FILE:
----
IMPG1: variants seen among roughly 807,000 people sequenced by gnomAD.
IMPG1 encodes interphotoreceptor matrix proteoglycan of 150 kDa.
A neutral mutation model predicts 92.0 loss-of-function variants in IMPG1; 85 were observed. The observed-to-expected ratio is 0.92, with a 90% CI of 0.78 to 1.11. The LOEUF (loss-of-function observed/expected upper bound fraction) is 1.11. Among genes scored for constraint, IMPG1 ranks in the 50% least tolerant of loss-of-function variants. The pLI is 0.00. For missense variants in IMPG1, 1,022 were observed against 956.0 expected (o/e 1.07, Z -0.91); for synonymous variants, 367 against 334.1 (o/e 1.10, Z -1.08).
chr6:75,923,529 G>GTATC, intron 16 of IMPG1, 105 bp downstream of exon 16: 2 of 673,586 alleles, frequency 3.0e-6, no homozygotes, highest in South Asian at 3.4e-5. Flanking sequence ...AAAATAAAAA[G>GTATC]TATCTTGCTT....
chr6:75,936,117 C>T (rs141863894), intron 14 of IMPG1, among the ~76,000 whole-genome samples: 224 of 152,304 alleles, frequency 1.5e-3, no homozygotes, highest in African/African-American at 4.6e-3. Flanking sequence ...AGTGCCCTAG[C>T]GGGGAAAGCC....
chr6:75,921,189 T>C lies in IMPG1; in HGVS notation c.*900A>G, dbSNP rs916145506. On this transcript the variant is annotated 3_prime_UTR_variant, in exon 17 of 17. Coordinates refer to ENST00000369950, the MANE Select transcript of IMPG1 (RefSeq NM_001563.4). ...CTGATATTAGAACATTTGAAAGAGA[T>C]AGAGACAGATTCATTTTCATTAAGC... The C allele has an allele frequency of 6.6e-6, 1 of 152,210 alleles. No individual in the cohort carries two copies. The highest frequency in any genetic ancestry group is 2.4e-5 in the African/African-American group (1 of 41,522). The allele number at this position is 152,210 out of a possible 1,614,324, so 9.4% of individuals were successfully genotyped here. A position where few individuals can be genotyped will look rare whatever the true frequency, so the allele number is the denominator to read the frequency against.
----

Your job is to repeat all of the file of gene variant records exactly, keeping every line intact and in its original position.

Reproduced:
IMPG1: variants seen among roughly 807,000 people sequenced by gnomAD.
IMPG1 encodes interphotoreceptor matrix proteoglycan of 150 kDa.
A neutral mutation model predicts 92.0 loss-of-function variants in IMPG1; 85 were observed. The observed-to-expected ratio is 0.92, with a 90% CI of 0.78 to 1.11. The LOEUF (loss-of-function observed/expected upper bound fraction) is 1.11. Among genes scored for constraint, IMPG1 ranks in the 50% least tolerant of loss-of-function variants. The pLI is 0.00. For missense variants in IMPG1, 1,022 were observed against 956.0 expected (o/e 1.07, Z -0.91); for synonymous variants, 367 against 334.1 (o/e 1.10, Z -1.08).
chr6:75,923,529 G>GTATC, intron 16 of IMPG1, 105 bp downstream of exon 16: 2 of 673,586 alleles, frequency 3.0e-6, no homozygotes, highest in South Asian at 3.4e-5. Flanking sequence ...AAAATAAAAA[G>GTATC]TATCTTGCTT....
chr6:75,936,117 C>T (rs141863894), intron 14 of IMPG1, among the ~76,000 whole-genome samples: 224 of 152,304 alleles, frequency 1.5e-3, no homozygotes, highest in African/African-American at 4.6e-3. Flanking sequence ...AGTGCCCTAG[C>T]GGGGAAAGCC....
chr6:75,921,189 T>C lies in IMPG1; in HGVS notation c.*900A>G, dbSNP rs916145506. On this transcript the variant is annotated 3_prime_UTR_variant, in exon 17 of 17. Coordinates refer to ENST00000369950, the MANE Select transcript of IMPG1 (RefSeq NM_001563.4). ...CTGATATTAGAACATTTGAAAGAGA[T>C]AGAGACAGATTCATTTTCATTAAGC... The C allele has an allele frequency of 6.6e-6, 1 of 152,210 alleles. No individual in the cohort carries two copies. The highest frequency in any genetic ancestry group is 2.4e-5 in the African/African-American group (1 of 41,522). The allele number at this position is 152,210 out of a possible 1,614,324, so 9.4% of individuals were successfully genotyped here. A position where few individuals can be genotyped will look rare whatever the true frequency, so the allele number is the denominator to read the frequency against.